The BMW i8 has the edge for faster long-distance travel—for one or two people, anyhow—because it can refill at gasoline stations as needed. But Tesla’s network of Supercharger fast-charging sites has spread rapidly across the U.S. in the last three years (and globally too). Coast-to-coast trips in the Model S are eminently a reality, with 20- to 40-minute stops every 200 miles or so to recharge.

Both cars are fast, but the Tesla is the smoother, quieter, and more consistent, simply because it never switches on a combustion engine. The “D” all-wheel-drive models have superb traction, with power to each wheel modulated many times a second to ensure that no wheel ever slips—and that the more energy-efficient of the two motors is used at any one time. Like most plug-in hybrids, the i8 has different driving characteristics when it’s running electrically (at lower speeds, and not under full acceleration) than when both powertrains are in use—especially in the Sport mode that uses the battery to provide added torque when demanded.

2016 Tesla Model S 90D during Southern California test drive [photo: David Noland]

2016 Tesla Model S 90D during Southern California test drive [photo: David Noland]

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Inside, both cars are comfortable, with the BMW’s two bolstered seats especially good. (We’re also fond of the optional turquoise seatbelt straps, a visually compelling design feature.) The Tesla seats four adults comfortably, five acceptably, though rear outboard passengers will find the roof leaning in toward their heads more than in other, more upright luxury sedans. The finishes of its interior pretty much disguise that fact; like other cars at its price, it is trimmed with soft-touch materials, leather, brushed chrome, and other high-end materials. The Tesla’s finishes, by contrast, are fine but perhaps slightly more stark.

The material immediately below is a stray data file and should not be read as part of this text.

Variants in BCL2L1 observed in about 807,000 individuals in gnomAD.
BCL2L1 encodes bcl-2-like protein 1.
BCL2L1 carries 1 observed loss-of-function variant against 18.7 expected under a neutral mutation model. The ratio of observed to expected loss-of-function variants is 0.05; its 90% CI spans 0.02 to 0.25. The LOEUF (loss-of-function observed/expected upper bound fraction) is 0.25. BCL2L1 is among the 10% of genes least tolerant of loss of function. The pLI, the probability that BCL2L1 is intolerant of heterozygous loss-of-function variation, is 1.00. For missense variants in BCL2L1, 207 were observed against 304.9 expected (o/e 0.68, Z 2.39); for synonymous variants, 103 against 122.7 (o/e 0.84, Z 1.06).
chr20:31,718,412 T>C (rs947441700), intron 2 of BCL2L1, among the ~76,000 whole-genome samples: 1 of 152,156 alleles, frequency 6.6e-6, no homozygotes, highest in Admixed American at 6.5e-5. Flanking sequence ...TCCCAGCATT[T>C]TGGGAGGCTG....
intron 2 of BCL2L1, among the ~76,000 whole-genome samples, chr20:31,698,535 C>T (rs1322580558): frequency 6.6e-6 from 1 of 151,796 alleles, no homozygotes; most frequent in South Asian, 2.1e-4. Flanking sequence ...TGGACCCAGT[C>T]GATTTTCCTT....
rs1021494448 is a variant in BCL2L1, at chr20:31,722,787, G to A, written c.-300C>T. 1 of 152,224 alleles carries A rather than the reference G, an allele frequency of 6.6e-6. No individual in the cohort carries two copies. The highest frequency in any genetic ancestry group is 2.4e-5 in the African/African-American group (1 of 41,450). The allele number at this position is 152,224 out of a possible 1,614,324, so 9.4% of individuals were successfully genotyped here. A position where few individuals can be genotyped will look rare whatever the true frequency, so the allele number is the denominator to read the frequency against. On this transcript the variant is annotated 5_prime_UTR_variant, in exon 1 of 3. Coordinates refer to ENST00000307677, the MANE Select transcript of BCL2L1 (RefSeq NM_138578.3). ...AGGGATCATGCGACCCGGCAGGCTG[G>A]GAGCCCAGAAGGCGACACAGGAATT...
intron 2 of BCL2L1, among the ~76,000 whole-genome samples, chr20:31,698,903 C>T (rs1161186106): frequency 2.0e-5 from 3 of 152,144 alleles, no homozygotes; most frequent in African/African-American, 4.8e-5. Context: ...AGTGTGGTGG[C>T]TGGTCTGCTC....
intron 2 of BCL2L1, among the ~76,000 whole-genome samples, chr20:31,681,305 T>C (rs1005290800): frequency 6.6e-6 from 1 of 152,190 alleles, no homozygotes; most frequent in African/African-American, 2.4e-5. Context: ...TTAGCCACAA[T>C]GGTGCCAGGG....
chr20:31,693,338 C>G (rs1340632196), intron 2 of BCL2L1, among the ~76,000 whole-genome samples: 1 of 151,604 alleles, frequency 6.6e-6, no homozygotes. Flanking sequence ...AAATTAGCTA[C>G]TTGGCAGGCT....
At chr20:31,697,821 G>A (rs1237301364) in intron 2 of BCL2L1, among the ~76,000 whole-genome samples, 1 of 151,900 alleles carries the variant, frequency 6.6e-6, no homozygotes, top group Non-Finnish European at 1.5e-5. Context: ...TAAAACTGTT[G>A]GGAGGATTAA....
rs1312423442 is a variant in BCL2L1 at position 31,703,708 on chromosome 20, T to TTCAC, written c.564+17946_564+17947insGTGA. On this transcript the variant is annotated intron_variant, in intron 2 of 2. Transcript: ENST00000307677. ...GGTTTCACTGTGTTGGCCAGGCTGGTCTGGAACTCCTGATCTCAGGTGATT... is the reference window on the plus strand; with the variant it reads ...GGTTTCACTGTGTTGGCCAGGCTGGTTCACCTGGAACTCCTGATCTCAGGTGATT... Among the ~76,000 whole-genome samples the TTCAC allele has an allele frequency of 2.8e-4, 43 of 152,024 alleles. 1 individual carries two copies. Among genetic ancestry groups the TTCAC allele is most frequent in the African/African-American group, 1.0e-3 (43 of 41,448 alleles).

The BMW dash will be relatively familiar to existing BMW owners. It’s not nearly as radical as that of the BMW i3 electric hatchback, while the Tesla’s dominant feature is huge 17-inch color vertical display occupies the center of the dash and provides a focal point for a clean, almost stark interior design. The Tesla screen’s brightness, clarity, and instant response put other luxury brands’ smaller screens to shame.

Safety and features

Tesla wins uniformly high safety scores for the Model S, though it was a little slower to fit advanced electronic safety systems like adaptive cruise control than were some of the German competitors. The company now offers both self-parking and autonomous highway driving, known as “Autopilot,” neither of which the i8 provides. On the other hand, the BMW i8 offers the only laser headlights now on sale in the U.S. They’re jaw-droppingly brilliant, and as close to daylight as we’ve seen.

The BMW i8 has not been crash-tested, and its very low volume may prevent that from happening. When the more common BMW i3 is tested, however, we’ll be able to draw some lessons on how both cars’ unique construction does in such tests. The i8, like the i3, combines an aluminum rolling chassis containing the battery, the running gear, and the crash structures with a body shell made of carbon-fiber-reinforced plastic (CFRP) that is both lighter and stronger than either steel or the Tesla’s aluminum.

The Tesla Model S starts at $75,000 for the base ’70D’ model, and can top $130,000 for a P100D performance version loaded up with extras. The BMW i8 starts at $140,000 and can cross the $150,000 mark with options. Both qualify for a variety of federal income-tax credits and other state, local, and corporate incentives.